Study projects electrical demand to more than triple in Williston Basin

8-1Small-town living has changed significantly for residents in western North Dakota. An area once with little traffic, and homes for sale for months at a time, is now experiencing traffic compared to many of the nation’s largest cities and homes are selling before they even reach the market. It is no secret the dramatic migration is a direct result of development in the oil and gas industry, which has provided communities in western North Dakota, specifically in the Williston Basin, both benefits and hardships.

The increased activity has generated numerous opportunities and a thriving economy. “With the area’s population nearly tripling in the last decade, precise planning is essential,” says Mike Wamboldt, KLJ’s director of power. Williston Basin production is expected to remain active for at least the next 20 years and development is projected to continue at a fast pace. “The region will not only need to find solutions for the congested roadways and lack of housing but also the electrical need to accommodate residents, as well as run new and current well pumps, pipelines, processing facilities, oil booster pumps, compressor stations, heaters and transfer pumps, all of which is needed to fuel the Williston Basin’s robust economy,” Wamboldt states.

Electrical utilities are in the process of developing plans to address increased demands. In 2012, the North Dakota Transmission Authority requested KLJ, a multidisciplinary engineering and planning firm, to facilitate the Williston Basin Oil and Gas Related Electrical Load Growth Forecast (PF 12). PF 12 is a 20-year power forecast study encompassing 43 counties in three states: North Dakota, South Dakota and Montana. The study projects electrical demand to more than triple current demand in the region.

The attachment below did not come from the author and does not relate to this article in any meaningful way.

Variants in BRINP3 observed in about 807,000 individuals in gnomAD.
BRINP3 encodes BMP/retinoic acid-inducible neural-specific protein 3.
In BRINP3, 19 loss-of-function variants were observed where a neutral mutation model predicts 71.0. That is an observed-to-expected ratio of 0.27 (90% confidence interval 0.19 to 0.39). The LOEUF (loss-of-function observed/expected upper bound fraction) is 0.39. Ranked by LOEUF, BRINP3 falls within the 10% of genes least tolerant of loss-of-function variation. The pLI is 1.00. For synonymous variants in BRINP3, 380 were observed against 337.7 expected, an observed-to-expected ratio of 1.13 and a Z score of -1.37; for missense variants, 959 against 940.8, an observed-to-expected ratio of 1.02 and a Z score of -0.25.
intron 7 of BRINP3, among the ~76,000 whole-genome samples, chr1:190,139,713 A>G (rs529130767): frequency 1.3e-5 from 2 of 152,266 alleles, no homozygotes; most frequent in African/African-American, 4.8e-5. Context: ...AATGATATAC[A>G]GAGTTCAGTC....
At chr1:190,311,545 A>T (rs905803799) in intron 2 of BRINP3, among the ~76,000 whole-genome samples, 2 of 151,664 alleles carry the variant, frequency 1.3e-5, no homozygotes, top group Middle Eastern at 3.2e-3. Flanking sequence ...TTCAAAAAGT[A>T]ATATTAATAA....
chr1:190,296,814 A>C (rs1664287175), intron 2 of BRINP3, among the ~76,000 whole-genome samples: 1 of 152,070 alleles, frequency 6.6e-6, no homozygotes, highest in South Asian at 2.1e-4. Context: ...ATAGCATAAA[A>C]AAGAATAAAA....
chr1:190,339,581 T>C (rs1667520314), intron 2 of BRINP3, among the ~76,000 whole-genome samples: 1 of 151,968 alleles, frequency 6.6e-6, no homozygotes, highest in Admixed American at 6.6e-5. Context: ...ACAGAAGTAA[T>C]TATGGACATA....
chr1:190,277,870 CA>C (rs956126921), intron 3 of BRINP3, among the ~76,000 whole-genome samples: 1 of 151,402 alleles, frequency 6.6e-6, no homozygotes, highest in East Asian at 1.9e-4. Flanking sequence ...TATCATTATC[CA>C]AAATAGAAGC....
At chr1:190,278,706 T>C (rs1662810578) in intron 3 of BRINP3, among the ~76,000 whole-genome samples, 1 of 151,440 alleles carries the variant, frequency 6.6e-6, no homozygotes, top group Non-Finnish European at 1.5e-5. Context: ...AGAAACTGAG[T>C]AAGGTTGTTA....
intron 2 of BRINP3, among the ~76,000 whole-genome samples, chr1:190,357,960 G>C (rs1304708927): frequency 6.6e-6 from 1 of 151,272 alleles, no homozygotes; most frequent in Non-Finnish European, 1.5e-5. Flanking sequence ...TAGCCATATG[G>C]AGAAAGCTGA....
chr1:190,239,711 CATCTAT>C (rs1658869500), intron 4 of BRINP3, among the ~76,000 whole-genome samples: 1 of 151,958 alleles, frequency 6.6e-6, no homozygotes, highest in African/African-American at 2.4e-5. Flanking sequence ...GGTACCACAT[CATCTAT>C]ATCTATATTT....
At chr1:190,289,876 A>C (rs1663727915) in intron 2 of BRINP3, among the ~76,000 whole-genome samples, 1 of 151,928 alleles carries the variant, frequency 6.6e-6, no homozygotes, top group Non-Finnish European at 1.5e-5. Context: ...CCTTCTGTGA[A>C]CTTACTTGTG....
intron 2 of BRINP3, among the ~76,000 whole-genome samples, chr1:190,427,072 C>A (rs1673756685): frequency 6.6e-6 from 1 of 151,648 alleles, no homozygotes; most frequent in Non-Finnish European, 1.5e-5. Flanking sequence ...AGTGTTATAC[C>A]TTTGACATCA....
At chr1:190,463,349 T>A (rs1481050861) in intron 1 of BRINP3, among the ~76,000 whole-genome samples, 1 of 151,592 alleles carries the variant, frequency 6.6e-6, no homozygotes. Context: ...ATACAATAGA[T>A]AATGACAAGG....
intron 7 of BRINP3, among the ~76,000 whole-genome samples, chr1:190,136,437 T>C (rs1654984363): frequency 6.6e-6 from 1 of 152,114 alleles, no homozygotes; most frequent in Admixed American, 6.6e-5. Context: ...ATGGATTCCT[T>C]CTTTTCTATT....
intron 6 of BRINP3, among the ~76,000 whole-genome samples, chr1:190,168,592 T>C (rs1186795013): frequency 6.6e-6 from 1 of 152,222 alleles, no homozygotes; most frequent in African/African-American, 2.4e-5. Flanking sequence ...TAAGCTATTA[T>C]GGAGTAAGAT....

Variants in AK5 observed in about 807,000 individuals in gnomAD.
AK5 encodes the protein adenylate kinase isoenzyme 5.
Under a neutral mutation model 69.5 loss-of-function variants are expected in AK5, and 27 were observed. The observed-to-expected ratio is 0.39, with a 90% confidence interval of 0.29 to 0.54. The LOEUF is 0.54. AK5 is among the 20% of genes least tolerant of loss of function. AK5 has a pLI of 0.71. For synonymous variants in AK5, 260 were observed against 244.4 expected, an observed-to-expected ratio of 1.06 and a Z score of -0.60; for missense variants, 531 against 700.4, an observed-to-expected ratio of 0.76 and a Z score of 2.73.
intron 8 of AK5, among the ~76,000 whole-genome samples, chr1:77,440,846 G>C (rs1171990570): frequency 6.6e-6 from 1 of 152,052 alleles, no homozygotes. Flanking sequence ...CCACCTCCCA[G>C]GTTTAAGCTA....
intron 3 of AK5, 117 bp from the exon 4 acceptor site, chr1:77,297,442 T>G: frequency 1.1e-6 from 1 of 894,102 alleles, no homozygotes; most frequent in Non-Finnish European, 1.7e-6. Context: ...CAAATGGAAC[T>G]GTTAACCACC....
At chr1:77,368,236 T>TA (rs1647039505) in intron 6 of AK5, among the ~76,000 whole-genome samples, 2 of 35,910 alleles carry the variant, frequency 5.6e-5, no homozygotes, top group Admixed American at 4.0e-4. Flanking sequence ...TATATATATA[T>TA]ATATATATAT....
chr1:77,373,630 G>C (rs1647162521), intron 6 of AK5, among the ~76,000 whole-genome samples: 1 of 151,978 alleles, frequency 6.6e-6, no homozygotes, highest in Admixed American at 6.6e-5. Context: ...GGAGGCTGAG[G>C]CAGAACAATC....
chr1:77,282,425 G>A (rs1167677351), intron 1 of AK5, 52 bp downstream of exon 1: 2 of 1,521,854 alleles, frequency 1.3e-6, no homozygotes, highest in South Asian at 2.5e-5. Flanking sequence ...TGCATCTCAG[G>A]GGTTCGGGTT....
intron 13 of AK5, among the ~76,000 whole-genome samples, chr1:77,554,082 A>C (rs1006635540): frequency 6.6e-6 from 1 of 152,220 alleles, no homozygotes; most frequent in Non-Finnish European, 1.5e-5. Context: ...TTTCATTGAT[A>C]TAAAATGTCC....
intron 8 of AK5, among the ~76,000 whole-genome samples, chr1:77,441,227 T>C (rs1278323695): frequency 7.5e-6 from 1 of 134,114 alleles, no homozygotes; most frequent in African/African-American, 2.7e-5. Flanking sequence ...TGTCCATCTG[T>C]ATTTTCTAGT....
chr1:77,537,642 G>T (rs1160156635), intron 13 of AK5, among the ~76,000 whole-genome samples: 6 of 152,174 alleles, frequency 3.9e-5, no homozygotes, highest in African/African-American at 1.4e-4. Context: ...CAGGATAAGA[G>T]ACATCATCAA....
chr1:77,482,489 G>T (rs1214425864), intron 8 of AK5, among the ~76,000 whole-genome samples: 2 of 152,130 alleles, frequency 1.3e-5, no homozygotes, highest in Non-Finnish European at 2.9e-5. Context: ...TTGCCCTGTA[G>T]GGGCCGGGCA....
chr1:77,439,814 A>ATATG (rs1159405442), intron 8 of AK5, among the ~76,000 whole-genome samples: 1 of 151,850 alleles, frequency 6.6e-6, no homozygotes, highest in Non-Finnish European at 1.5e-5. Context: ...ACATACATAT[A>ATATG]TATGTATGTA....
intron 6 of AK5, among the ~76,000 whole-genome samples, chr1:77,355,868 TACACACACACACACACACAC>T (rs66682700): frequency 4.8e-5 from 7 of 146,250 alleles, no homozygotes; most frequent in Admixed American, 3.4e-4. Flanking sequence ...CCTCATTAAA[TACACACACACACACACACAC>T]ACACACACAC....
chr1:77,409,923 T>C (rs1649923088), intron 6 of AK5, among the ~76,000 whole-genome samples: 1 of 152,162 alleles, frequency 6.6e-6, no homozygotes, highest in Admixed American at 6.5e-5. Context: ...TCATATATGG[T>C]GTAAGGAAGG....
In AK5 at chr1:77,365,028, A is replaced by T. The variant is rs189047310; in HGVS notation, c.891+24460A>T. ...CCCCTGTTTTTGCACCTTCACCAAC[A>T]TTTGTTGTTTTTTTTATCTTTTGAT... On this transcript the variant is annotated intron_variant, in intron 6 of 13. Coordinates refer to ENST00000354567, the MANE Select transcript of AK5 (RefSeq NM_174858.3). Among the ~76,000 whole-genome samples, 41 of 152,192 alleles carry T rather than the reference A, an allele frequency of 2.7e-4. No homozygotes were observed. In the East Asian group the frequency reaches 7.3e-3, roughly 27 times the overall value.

The study indicates that, by the end of the study period, 2032: there will be a 208-percent increase in electrical demand associated with the development in the Williston Basin. “The 43 counties associated with the study will require an additional 2,515 megawatts of electrical demand, which is directly related to the oil and gas development. Understanding the electrical demand increase is essential for the future and will facilitate community planning and development to a greater extent,” says Wamboldt.

KLJ began the study through a combination of industry stakeholder interviews, industry validation of basic assumptions and intense population and oil reservoir forecasting. To display electrical load growth geographically, KLJ utilized GIS-based spatial load growth forecasting, which combines power system data with regulatory, population, land use and development data. The study’s model process utilized GIS software to spatially distribute the location of electric loads across the study region. The model combines present demand, electrical loads associated with population growth, loads associated with wells and the associated oil and gas infrastructure, and basic assumptions validated by industry to create a spatial forecasting model to facilitate forecast results.

“The process ensured accurate results indicative of what the industry was experiencing in the field, in addition to confirming prior forecasted results,” says Wamboldt.

The 20-year oilfield development projections provided in the study were used to develop future employment, population growth and housing demand year-by-year. “PF 12 results have the potential to help each of the three states support and approve significant investments in electrical generation, transmission and distribution infrastructure. Specifically, the study shows where power will be needed, and when, allowing communities to sustain future development,” Wamboldt explains.

The relative electrical load forecast for 2032.
The relative electrical load forecast for 2032.

“Information obtained in PF 12 is crucial to plan for electrical utilities future development,” he says. The study validates and supports growth opportunities and significant investment needed by the states, as well as public and private electric companies that often must substantiate investments to lenders. PF 12 is now used as a 20-year planning tool utilized by cities, towns, legislators and industry to plan for current and future power requirements as well as development within the Williston Basin.

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